Every reporter wants to feel like they’re the only one to receive an email, and you should never send a pitch email without a reporter’s name on it. It can be tempting to bulk send to save time, but it’s not worth it.

When it comes to personalising an email to a reporter, a lot of Digital PRs see this as an effective way to build a relationship with someone. But if we’re being honest, this is down to the preference of the person you’re targeting.

Some journalists will love this and want to make small talk, and others will simply only be interested in your stories, no matter how polite you are or how many attempts you make to have a personal conversation.

Personalisation could be anything from seeing that they went somewhere on their social media and striking up conversation about it, to referencing they’ve covered similar stories to your topic so you think that they personally, would be interested in your story.

When it comes to outreach, do what feels natural and right – don’t force anything, you don’t have much space for your pitch so you need to use your words wisely.

Here’s an example of how to pitch to journalists

This was a simple and concise pitch used for one of our clients recently:

“Hi Sam,

I hope you’re well. I’m getting in touch to share AI’s predictions of how 12 of the biggest and best-known football teams’ Euro 2024 shirts could look this year – and the images are pretty cool.

Mystery Football used Midjourney to mock up the shirts – prompting it to take into account the country’s flag colours, and a retro design, but modern style. Some of them resemble older kits, and founder Matt Cole said the England shirt stands out to him, reminding him of the “traditional, retro Umbro days”.

The teams used are Germany, Scotland, Spain, Austria, France, The Netherlands, Portugal, Croatia, England, Belgium, Italy and Turkey. With millions of football fans around the world eagerly waiting to see the new kit releases, with many ‘leaks’ reported so far – this is a little teaser into how they could look.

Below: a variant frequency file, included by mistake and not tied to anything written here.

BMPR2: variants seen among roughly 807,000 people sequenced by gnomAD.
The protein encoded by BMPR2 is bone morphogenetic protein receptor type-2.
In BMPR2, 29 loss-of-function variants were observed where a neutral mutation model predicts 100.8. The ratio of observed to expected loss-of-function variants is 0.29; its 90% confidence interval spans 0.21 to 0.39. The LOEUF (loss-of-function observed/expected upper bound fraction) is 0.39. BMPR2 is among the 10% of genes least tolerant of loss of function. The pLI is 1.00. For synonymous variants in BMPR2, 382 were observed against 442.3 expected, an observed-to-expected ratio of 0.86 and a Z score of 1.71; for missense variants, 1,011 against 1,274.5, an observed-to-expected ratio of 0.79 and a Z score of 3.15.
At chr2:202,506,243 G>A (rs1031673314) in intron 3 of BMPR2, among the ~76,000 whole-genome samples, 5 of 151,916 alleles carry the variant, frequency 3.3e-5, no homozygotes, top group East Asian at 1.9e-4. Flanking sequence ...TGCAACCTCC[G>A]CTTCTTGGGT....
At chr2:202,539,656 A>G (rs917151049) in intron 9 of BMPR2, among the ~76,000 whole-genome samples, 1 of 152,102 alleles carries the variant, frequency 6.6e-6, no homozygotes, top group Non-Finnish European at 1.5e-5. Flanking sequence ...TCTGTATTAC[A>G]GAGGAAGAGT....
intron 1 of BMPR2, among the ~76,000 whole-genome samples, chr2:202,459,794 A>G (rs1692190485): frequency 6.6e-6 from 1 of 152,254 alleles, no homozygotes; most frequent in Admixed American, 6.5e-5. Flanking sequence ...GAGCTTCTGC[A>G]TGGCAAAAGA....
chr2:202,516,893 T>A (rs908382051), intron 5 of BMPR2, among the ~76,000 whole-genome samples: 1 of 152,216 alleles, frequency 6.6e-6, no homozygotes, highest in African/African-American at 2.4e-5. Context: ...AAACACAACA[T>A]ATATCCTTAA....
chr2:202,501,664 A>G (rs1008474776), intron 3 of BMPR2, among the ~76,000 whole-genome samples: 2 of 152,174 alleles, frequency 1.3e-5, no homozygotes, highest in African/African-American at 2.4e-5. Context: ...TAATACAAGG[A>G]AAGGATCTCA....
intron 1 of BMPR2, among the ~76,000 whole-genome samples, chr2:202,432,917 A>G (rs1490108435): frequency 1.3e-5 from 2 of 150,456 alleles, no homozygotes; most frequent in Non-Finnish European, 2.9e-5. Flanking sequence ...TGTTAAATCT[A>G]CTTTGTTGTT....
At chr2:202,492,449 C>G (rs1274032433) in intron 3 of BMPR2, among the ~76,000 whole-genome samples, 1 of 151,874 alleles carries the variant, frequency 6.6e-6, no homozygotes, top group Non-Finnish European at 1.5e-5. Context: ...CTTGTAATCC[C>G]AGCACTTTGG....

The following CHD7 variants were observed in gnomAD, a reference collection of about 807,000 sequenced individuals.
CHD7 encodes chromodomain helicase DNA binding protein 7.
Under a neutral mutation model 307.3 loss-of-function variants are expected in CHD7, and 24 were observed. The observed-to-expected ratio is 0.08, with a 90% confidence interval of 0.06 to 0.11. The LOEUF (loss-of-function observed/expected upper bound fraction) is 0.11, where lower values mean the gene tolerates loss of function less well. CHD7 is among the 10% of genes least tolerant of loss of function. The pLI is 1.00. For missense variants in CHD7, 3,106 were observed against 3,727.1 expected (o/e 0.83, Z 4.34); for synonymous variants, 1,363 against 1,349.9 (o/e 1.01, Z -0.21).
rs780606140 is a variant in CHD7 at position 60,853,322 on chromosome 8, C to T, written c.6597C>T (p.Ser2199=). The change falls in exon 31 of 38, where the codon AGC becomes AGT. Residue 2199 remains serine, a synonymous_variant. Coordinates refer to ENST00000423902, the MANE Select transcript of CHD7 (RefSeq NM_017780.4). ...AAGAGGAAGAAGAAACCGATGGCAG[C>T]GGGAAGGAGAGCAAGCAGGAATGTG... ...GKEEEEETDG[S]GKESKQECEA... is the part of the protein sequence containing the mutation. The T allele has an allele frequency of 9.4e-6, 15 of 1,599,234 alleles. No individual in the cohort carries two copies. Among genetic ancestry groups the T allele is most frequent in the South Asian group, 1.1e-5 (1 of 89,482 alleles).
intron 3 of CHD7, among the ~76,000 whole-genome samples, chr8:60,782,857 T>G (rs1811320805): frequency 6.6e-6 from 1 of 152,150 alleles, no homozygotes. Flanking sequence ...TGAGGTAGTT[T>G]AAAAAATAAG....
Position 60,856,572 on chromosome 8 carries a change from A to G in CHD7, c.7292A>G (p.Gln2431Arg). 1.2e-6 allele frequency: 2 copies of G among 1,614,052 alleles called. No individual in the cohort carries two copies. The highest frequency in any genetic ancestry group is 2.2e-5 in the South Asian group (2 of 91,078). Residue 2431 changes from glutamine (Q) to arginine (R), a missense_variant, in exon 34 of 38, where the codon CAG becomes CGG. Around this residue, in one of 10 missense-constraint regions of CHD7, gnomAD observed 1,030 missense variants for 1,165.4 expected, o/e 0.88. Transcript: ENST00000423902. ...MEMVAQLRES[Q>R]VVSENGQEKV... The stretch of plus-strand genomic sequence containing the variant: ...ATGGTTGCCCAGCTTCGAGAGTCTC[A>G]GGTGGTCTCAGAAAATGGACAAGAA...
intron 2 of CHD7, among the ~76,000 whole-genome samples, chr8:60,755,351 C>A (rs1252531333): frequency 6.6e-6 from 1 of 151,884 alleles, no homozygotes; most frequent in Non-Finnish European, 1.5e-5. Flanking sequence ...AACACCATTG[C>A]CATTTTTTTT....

You can find the hi-res images in this DropBox folder, and I’ve linked the on-site content for you.”

It’s concise, clear, and summarises the content – it tells the journalist everything they need to know in a few short paragraphs. This campaign achieved dozens of pieces of coverage – demonstrating the success of not just the content, but also the pitch.

The pitch includes why it’s relevant, and also details that there’s commentary from the client.

A final word on how to pitch to journalists when it comes to Digital PR

We’re all prone to overthinking our pitches, but if you remember to be clear, concise and natural, you can’t go far wrong.

Think about making your first few lines as impactful as possible, to entice the journalist to continue reading. And don’t make your pitch so long that they have to scroll down and down to see the press release itself.

Make sure your pitch includes everything the journalist would need, think about questions they’d have to ask you like, where can I find the accompanying images? Is the expert in the release available for an interview?

If you want to find out more about how a Digital PR strategy could work for your brand, or any other services like SEO or PPC, call the Embryo office on 0161 327 2635, or email [email protected].

Contact Us


Latest News & Blogs